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Quality, Time and Cost
Posted on May 11, 2020 @ 8:05PM

Quality, time, and cost are the three legs supporting the metaphorical stool of project management. Good project managers constantly work to maximize the outcome for a project in each of these three realms. 

The most difficult aspect of this nonstop challenge is that each of these priorities compete for dominance over the other two. Quality is surely easier to maintain if we relax our concern about schedule or budget; costs can be reduced dramatically if we let go of worries about quality or schedule; a schedule is easier to hold if either cost or quality are not issues. There are many situations in which a deadline is non-negotiable, for example, and if that creates a schedule that is highly demanding - maybe even unreasonably demanding - the stress on quality and cost control will be extreme.

"All projects are framed by some balance of emphasis on expectations related to quality, time, and cost." ~ Sam Rodell

The most difficult aspect of this nonstop challenge is that each of these priorities compete for dominance over the other two. Quality is surely easier to maintain if we relax our concern about schedule or budget; costs can be reduced dramatically if we let go of worries about quality or schedule; a schedule is easier to hold if either cost or quality are not issues. There are many situations in which a deadline is non-negotiable, for example, and if that creates a schedule that is highly demanding - maybe even unreasonably demanding - the stress on quality and cost control will be extreme.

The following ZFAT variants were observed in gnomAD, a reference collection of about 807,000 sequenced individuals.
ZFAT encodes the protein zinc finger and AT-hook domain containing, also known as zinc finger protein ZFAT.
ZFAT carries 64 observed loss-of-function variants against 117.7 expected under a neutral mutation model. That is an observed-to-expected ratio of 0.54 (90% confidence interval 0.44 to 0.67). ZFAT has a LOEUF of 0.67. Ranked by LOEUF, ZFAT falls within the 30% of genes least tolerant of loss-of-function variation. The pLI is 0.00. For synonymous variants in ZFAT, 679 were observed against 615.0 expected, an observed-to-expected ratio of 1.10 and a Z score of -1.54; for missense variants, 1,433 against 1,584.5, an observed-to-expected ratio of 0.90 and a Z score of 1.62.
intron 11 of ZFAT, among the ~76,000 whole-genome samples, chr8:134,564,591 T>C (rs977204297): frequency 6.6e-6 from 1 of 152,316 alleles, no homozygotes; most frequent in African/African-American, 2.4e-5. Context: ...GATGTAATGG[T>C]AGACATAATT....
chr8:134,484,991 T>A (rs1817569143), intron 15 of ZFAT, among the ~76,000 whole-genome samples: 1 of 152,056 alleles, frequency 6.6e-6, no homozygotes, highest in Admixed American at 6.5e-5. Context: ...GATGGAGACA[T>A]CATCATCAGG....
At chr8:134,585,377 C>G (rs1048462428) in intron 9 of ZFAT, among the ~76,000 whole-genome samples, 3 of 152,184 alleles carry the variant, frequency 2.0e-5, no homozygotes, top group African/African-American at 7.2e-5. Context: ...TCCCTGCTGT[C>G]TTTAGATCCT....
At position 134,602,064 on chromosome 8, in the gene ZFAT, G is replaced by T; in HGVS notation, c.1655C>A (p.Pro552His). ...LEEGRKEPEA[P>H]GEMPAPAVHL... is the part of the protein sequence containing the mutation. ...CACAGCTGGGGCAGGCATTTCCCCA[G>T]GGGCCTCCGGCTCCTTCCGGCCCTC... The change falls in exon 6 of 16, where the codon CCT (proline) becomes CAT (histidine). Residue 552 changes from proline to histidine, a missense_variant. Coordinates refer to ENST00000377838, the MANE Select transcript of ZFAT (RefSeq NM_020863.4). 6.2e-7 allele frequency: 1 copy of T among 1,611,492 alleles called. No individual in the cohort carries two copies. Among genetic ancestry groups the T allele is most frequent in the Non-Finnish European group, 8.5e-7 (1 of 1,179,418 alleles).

In reality, all projects are framed by some balance of emphasis on expectations related to quality, time, and cost. If we refuse to prioritize them - if we take the position that all are equally important - we are effectively saying none of them are important.

In the day to day work of real world project management, it is important to have clarity about which of these concerns are negotiable in service to the others. The most common scenario we see in our work is that clients want to create the best project possible within established financial boundaries, and will therefore prioritize some balance of quality and cost over time. While the schedule will be important, they will accept a timeline that does not unduly stress quality or cost outcomes. But each project is a unique situation and needs to be managed accordingly.

Author: Sam Rodell

Sam has been practicing as an award winning architect for over thirty years, and has also built many of his clients' projects.  He is currently licensed to practice architecture throughout most of the western United States and Canada, and is certified by the National Council of Architectural Registration Boards (NCARB) which expedites registration in other states and provinces. He was the first Certified Passive House Consultant (CPHC) architect in eastern Washington and northern Idaho.

Author: Nate Robinson

Nate's focus on architecture as a means to improve the built environment whilst designing projects woven to their natural and cultural context aligns perfectly with the ethos of the studio. Nate participates in a variety of aspects of practice in his role as a project architect, including three dimensional modeling, energy modeling, and material research.